by Dr. William L. Pierce
AS AMERICAN SOCIETY continues to unravel, more and more individual men and women are becoming mentally unravelled at the same time. Some of these unravelled folks take to drink, and others take guns to their places of employment and “get even” with the world by shooting three or four fellow employees who had been getting on their nerves. Shootings in the workplace have become a major occupational hazard in the United States during the last quarter of the 20th century. (ILLUSTRATION: Martin Blinder)
This is a real boon for practitioners of the psychiatry racket, who have more unravelled clients than they can take money from these days. They also hire themselves out as consultants to worried employers, who would like to be able to spot an unravelled employee before he opens fire. One of these psychiatric consultants is a nice Jewish boy named Martin Blinder, who collects most of his fees in San Francisco and Honolulu. Dr. Blinder has prepared a “psychological profile” of likely workplace shooters, and he was kind enough to share this profile with all of us in an article he wrote for the February 11, 1997, issue of the Wall Street Journal. According to Dr. Blinder:
The dramatic increase in workplace murder has given psychiatrists enough data to build a psychological profile, by which management can identify well in advance those employees most likely to engage in lethal acts of revenge. Any 10 or more of the following traits together are reason for considerable concern:
- First and foremost, the homicide-prone worker is profoundly narcissistic, exhibiting an overweening sense of entitlement and a predilection for depreciating others–a cover for a profound feeling of powerlessness. These individuals hold themselves out as superior and may be inclined to such pronouncements as “Where do you get off criticizing me?” or “How dare you reject [or fire] me?”
- They have what co-workers describe as “sour personalities”: nothing pleases them.
- They interpret everyday events in an idiosyncratic and pernicious way, are repeatedly offended by “slights,” and are convinced that they are surrounded by “enemies.”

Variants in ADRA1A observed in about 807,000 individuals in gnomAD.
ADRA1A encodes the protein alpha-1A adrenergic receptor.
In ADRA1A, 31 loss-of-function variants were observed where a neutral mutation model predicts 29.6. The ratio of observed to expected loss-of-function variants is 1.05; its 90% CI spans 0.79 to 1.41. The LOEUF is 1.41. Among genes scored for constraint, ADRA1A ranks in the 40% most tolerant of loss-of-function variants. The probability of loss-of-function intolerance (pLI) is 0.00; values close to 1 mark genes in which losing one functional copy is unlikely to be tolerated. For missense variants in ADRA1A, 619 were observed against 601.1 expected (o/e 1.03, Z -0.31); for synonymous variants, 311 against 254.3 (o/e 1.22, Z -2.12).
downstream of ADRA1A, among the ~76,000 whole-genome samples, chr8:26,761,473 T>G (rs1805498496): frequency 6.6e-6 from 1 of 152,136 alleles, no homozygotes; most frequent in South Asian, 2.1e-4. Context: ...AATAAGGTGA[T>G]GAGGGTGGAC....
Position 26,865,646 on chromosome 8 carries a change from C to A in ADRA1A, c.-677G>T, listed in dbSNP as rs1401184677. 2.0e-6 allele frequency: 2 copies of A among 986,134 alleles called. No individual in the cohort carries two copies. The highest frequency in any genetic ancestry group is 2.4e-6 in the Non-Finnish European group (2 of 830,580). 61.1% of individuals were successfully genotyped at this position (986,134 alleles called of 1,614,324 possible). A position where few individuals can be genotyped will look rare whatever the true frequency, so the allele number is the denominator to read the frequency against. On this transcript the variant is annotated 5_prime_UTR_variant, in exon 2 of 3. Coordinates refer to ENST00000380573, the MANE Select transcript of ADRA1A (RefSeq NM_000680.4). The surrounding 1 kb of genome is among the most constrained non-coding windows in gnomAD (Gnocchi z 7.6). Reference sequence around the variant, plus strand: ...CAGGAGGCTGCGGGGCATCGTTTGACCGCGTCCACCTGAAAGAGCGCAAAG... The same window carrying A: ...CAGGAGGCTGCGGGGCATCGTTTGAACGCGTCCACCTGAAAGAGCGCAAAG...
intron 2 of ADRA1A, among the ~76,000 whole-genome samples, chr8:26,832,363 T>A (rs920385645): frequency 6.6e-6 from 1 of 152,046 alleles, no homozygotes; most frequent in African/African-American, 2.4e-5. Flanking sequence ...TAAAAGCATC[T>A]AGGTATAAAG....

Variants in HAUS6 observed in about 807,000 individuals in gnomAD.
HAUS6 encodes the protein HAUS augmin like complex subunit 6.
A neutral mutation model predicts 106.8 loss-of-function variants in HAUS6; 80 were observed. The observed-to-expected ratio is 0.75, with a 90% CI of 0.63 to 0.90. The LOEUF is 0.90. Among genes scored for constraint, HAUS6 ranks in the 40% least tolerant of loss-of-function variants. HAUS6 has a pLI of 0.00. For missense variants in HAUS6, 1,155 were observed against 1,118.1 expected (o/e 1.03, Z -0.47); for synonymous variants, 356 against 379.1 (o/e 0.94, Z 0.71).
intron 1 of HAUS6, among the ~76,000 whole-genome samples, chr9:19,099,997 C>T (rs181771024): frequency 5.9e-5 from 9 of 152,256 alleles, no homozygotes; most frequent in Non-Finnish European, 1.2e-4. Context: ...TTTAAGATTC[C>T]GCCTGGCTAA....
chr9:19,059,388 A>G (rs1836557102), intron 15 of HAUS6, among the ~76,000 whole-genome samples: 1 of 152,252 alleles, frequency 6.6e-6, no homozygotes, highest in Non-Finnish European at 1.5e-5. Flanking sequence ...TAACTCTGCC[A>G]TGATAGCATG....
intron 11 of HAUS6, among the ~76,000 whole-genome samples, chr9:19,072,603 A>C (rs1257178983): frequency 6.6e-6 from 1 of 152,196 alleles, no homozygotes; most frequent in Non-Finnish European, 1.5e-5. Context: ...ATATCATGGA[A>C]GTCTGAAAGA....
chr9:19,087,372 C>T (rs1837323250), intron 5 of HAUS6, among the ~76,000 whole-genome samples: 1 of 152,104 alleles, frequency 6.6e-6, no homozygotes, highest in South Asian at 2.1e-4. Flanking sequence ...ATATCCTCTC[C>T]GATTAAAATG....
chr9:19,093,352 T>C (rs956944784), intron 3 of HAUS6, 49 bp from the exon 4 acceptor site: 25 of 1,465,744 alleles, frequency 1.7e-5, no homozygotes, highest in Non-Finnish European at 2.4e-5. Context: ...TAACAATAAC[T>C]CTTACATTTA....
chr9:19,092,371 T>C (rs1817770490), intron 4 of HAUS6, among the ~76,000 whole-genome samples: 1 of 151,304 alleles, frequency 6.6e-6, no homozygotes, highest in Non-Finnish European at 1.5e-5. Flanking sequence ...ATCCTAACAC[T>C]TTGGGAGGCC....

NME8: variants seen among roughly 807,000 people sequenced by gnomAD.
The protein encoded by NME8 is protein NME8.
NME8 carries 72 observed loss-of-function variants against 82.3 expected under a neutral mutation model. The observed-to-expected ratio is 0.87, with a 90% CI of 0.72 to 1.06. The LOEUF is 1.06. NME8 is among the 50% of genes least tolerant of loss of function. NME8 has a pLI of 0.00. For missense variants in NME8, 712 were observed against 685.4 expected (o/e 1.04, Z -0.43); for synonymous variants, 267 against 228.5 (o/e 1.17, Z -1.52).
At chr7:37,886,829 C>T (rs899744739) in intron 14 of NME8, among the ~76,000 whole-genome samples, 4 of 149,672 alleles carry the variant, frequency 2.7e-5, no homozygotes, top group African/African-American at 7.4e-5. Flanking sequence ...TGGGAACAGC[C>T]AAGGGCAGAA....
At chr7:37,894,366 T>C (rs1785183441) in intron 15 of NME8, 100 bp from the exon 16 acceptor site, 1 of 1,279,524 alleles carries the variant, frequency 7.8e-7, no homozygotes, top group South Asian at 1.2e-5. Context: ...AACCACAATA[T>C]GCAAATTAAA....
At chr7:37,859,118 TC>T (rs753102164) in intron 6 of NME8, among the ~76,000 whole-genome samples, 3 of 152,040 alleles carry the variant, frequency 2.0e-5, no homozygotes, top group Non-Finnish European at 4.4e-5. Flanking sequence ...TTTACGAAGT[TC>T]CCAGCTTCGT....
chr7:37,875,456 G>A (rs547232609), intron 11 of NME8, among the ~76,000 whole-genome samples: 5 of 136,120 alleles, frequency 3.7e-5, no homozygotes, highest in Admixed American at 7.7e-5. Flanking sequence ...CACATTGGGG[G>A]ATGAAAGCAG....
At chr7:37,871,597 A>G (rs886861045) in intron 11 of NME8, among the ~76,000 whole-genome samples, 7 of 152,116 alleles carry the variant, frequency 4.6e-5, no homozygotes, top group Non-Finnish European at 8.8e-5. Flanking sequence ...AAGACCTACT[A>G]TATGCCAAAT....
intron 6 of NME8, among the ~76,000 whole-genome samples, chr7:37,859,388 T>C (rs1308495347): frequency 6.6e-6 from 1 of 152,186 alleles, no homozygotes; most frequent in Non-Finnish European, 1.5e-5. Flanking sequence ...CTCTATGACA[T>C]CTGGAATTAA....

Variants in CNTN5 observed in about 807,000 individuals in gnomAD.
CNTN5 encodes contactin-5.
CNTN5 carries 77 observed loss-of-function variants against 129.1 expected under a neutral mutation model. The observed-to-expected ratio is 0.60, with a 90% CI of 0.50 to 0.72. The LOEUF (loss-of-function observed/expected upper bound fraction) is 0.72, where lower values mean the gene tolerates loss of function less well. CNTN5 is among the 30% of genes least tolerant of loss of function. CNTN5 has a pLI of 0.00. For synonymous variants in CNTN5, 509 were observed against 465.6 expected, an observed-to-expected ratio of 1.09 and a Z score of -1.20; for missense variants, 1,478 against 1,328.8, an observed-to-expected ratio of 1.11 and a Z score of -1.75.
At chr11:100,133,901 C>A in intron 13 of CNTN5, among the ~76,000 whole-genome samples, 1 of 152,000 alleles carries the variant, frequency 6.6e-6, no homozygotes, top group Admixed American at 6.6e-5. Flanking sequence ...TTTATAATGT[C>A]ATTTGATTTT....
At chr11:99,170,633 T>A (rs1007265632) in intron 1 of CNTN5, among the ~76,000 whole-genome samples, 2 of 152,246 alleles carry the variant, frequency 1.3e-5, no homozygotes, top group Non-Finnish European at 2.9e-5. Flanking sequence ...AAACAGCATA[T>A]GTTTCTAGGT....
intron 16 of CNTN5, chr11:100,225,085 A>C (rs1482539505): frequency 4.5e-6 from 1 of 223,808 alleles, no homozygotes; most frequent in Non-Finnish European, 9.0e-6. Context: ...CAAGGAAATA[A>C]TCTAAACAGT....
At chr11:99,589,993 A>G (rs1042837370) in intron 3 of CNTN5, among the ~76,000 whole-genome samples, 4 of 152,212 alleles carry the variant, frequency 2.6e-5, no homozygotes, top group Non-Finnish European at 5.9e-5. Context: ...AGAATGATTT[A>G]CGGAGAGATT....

- Accordingly, they are perpetual “victims” of “injustice.”
- They are controlling and demanding and often act obsessively toward a co-worker or supervisor–behavior that persists despite counseling, admonitions, or appeals to reason.
- They tend to make co-workers uncomfortable, even anxious.
- They are devotees of conspiracy theories.
- They are prone to multiple gun ownership and exhibit excessive interest in paramilitary groups, law enforcement, survivalist organizations, fascist history, etc.
- In their minds, mistakes are always someone else’s fault.
- As a consequence, they file one grievance after another. Formal employment may become subordinate to their career of litigation. And they have drawers and boxes full of legal documents, which they are convinced prove their position.
- Though not every complaint reaches the threshold of litigation, they daily make mountains out of molehills.
- They harbor persistent and inappropriate anger. Often they express great interest in and approval of violent acts reported in the press: spousal abuse, shooting sprees, capital punishment, etc.
- They belong to fringe right-wing, anti-government, or racist political groups.
Dr. Blinder lists several more traits after these, but you get the picture. This Hebraic practitioner of Freudian charlatanry brazenly lists the traits of the types of people he personally hates and would like to see unemployed, along with traits genuinely indicating an unravelled state. And among the latter traits it is interesting to note that several of them are those of chronic complainers. Can you think of any ethnic group which fits this chronic complainer profile especially well–and which also thinks of itself as a nation of perpetual “victims”?
In his Wall Street Journal article Blinder gives just one example of a workplace killer he implies fits his profile: Richard Wade Farley, who in February 1988 shot 11 people, killing seven of them, at his former Silicon Valley workplace. But Farley, according to fellow employees who knew him, was a liberal, not a right winger. And he was hardly a racist: he had a Chinese girl friend, whom he had introduced to other workers. Blinder, of course, does not mention these facts about Farley, although he certainly was aware of them because he conducted a court-ordered psychiatric evaluation of Farley in 1989.
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Source: National Vanguard Magazine — Number 117 (March-April 1997)
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